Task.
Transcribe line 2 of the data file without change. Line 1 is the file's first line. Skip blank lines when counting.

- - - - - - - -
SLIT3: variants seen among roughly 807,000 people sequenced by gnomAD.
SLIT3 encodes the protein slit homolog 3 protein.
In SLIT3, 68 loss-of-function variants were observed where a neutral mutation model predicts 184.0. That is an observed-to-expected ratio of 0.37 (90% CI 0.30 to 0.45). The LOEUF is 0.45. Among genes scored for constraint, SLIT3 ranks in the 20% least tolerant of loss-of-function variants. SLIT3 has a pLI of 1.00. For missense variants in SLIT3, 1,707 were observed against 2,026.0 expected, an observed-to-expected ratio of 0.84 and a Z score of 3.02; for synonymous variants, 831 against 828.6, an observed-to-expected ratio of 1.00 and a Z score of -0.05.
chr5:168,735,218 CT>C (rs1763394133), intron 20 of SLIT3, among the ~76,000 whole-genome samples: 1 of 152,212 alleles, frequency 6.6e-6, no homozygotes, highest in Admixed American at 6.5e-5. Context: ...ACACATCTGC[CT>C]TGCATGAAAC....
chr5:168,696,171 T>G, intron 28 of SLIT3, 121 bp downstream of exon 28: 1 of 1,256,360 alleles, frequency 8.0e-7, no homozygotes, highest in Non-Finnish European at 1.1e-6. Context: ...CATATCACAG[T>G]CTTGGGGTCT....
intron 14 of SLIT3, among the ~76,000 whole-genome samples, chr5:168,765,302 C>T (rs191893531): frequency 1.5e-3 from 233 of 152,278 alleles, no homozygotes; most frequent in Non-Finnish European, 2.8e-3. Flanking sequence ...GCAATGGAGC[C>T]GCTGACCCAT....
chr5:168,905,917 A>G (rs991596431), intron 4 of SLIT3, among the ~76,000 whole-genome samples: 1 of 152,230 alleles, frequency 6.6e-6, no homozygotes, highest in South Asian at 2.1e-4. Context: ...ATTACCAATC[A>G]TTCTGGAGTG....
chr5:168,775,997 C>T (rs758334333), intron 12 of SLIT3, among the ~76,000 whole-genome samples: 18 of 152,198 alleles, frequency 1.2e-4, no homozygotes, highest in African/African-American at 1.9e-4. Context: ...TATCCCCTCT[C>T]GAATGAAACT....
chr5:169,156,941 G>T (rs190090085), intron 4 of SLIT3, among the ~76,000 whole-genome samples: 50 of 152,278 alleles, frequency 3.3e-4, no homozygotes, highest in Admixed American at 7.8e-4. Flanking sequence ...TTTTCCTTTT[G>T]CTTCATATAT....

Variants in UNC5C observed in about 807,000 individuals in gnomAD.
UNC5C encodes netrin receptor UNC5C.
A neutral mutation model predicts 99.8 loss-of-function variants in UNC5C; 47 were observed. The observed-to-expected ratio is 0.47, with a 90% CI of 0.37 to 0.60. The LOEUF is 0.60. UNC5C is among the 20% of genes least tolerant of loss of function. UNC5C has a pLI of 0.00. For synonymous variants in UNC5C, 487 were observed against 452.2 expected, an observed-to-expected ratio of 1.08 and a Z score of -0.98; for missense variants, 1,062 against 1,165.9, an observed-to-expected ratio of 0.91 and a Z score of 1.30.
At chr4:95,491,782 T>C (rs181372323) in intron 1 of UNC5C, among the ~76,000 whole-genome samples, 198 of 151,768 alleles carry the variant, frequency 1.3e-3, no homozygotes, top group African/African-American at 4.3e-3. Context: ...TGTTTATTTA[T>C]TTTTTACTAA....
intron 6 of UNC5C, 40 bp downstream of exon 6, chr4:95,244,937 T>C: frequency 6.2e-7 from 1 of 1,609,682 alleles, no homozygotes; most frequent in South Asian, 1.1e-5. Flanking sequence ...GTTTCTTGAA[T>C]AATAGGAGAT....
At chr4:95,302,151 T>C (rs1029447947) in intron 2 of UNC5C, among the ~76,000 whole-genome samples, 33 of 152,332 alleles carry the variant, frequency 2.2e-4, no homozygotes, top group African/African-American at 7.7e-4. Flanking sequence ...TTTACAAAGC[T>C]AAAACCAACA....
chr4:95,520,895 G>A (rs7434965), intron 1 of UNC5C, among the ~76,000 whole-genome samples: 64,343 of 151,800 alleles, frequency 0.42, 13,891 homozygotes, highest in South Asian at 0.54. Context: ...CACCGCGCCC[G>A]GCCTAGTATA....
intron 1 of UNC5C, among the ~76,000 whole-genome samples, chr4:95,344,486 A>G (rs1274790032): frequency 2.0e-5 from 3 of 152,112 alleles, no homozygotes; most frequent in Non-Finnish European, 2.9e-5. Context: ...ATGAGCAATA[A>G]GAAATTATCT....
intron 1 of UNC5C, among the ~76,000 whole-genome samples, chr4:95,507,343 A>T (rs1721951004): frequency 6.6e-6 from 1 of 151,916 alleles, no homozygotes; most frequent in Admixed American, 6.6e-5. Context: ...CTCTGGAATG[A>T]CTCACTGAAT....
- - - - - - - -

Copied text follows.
SLIT3 encodes the protein slit homolog 3 protein.